At the time, a spokesman for the Diocese of Lichfield told the Tamworth Herald: ‘Following the church’s closure in 2013 it was agreed to give the building to the family who originally donated the land on which it stands. Under due legal process, after permission was granted by the Chancellor of the Diocese, the fixtures of the building were removed and given to other local churches.’
Last week, the Tamworth and District Civic Society reported that the processional cross from Comberford Church has been relocated to the chancel of the 13th century Spital Chapel of Saint James, in Wigginton Road, Tamworth.
‘Many people would rather that Comberford Church was still in use and actively supported by the residents of Comberford. But, in the absence of that, at least the cross has a good home and is still within the ecclesiastical parish of Wigginton,’ the society said.
The Spital Chapel was open to the public on Sunday afternoon [22 September 2019] as part of the programme for National Heritage Open Day in Tamworth.
The Spital Chapel was originally built in 1274 by Sir Philip de Marmion, who owned Tamworth Castle. There are records of a chantry or hospital founded by Sir Philip Marmion between 1266 and 1275. It is known as Spital Chapel because it is said to have served as a hospital at the time of the Black Death in 1349.
The Spital Chapel’s west wall was restored in 1914 by Alfred Sadler, a local businessman and former Mayor of Tamworth, as a memorial to his wife Emily. The south door was originally the main entrance of the Spital Chapel, but nowadays access is through the north door.
Spital Chapel is now hidden behind housing in the fork of land between Wigginton and Ashby Roads. It is sign-posted from Wigginton Road, just past the Spital Tennis and Bowling Club.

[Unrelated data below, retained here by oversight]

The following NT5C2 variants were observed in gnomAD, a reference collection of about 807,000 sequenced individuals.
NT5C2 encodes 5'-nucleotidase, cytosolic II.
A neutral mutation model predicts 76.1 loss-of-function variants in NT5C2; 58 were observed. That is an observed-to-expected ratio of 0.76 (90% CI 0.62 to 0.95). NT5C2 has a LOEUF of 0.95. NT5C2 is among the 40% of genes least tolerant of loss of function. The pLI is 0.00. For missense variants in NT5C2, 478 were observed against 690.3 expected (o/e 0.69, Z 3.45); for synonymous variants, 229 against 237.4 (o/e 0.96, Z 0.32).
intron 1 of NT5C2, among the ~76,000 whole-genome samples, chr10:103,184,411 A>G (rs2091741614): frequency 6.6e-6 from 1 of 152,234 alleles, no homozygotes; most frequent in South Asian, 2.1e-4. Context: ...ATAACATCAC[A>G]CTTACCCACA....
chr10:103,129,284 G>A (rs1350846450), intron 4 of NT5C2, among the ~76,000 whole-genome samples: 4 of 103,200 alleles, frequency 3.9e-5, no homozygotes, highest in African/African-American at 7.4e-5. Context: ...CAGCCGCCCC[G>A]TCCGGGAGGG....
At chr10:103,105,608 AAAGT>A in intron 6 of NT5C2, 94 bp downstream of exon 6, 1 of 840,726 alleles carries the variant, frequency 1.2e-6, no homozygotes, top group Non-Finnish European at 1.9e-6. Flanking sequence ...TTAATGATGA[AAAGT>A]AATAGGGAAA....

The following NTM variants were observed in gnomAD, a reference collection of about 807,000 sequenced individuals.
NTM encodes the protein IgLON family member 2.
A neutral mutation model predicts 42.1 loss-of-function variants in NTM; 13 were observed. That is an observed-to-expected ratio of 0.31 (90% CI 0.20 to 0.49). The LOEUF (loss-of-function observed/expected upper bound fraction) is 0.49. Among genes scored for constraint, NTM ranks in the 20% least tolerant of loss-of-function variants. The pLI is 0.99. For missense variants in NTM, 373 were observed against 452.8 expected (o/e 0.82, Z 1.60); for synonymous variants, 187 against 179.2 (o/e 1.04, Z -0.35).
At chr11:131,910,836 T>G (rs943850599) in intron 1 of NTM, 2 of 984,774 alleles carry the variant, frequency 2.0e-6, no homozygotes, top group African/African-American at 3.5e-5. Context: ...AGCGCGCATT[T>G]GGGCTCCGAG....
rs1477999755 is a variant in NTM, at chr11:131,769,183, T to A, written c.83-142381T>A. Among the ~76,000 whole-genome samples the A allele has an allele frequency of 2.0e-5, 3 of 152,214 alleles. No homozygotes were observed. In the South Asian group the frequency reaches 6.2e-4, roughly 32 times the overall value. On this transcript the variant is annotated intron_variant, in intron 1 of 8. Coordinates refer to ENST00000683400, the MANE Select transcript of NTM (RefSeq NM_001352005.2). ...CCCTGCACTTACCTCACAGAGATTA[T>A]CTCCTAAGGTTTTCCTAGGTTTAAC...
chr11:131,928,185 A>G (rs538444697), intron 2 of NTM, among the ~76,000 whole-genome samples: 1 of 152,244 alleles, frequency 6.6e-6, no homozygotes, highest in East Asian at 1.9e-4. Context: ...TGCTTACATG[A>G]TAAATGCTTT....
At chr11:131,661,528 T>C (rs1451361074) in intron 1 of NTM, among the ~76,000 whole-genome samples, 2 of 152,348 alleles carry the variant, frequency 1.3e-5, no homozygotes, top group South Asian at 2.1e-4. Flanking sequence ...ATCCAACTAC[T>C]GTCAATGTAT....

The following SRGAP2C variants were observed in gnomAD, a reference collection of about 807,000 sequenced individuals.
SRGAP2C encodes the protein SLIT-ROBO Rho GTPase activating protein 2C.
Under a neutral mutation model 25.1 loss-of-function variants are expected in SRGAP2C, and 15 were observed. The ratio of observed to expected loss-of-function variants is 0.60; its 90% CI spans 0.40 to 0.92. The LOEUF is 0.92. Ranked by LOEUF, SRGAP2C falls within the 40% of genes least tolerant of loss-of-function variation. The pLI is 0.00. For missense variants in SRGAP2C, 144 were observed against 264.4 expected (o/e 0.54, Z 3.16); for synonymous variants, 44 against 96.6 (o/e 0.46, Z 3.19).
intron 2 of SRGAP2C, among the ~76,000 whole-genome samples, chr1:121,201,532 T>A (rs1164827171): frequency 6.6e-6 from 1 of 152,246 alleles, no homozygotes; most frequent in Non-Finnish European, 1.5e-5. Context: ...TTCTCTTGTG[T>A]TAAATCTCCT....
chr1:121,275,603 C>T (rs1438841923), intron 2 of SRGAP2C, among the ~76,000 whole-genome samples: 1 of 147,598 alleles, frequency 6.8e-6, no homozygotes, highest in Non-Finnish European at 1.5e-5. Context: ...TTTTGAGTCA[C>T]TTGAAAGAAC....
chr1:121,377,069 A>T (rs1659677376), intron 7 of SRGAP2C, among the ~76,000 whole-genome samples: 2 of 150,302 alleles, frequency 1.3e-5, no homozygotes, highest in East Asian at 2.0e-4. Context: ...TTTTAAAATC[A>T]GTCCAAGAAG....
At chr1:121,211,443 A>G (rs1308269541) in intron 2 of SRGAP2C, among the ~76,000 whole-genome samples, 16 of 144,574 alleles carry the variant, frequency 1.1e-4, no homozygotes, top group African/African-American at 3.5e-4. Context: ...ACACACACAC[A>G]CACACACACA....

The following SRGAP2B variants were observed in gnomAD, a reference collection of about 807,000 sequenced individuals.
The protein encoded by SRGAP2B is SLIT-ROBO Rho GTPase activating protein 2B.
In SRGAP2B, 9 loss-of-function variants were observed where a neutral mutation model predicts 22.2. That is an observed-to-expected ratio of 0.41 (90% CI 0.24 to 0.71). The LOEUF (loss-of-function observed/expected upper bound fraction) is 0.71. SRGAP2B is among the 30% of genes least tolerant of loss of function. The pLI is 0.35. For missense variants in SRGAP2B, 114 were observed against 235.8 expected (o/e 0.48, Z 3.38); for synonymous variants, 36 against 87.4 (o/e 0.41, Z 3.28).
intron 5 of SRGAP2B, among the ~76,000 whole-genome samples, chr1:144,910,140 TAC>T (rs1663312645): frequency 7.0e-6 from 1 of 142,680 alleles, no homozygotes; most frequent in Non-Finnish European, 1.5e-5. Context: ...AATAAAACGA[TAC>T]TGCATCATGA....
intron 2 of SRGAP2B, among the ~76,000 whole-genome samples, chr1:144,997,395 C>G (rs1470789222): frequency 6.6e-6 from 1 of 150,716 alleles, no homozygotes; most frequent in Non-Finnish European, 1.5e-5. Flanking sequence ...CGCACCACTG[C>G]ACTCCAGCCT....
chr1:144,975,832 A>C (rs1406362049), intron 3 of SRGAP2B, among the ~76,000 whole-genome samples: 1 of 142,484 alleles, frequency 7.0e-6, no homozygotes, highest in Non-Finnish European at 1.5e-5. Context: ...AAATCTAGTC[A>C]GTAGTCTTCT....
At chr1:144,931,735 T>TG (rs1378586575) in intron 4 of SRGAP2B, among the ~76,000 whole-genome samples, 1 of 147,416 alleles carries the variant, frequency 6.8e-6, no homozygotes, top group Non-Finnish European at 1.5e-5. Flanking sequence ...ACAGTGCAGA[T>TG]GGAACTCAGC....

The chapel can seat about 50 people, services are held regularly, and there is an active Friends of Spital support group.
The Tamworth and District Civic Society also brought ‘King Charles I’ back to Tamworth yesterday afternoon [22 September 2019] as it continued its celebrations of the 400th Anniversary of the three-day visit of King James I and the future King Charles I to Tamworth in August 1619.
During that visit, King James I stayed at Tamworth Castle while Prince Charles was the guest of the Comberford family at the Moat House on Lichfield Street.
The visit was commemorated at the Moat House last month [August 2019], and Tamworth and District Civic Society brought ‘King Charles’ to the Town Hall in Market Street yesterday afternoon as the Mayor and civic society volunteers opened the 1701 civic treasure-house to the public, with the civic silver and regalia on display in the Mayor's Parlour.
During the afternoon, the unique double-helix staircase in the tower of Saint Editha’s Church, Tamworth, was open to the public for the third and last time this year. The top of the tower offers breath-taking views of Tamworth, while the climb down offers an opportunity to visit the belfry of 10 bells and to try bell-ringing in the ringing chamber.
Guided tours were available inside Saint Editha’s Church, which includes the Comberford Chapel and monuments to the Comberford and Comerford families.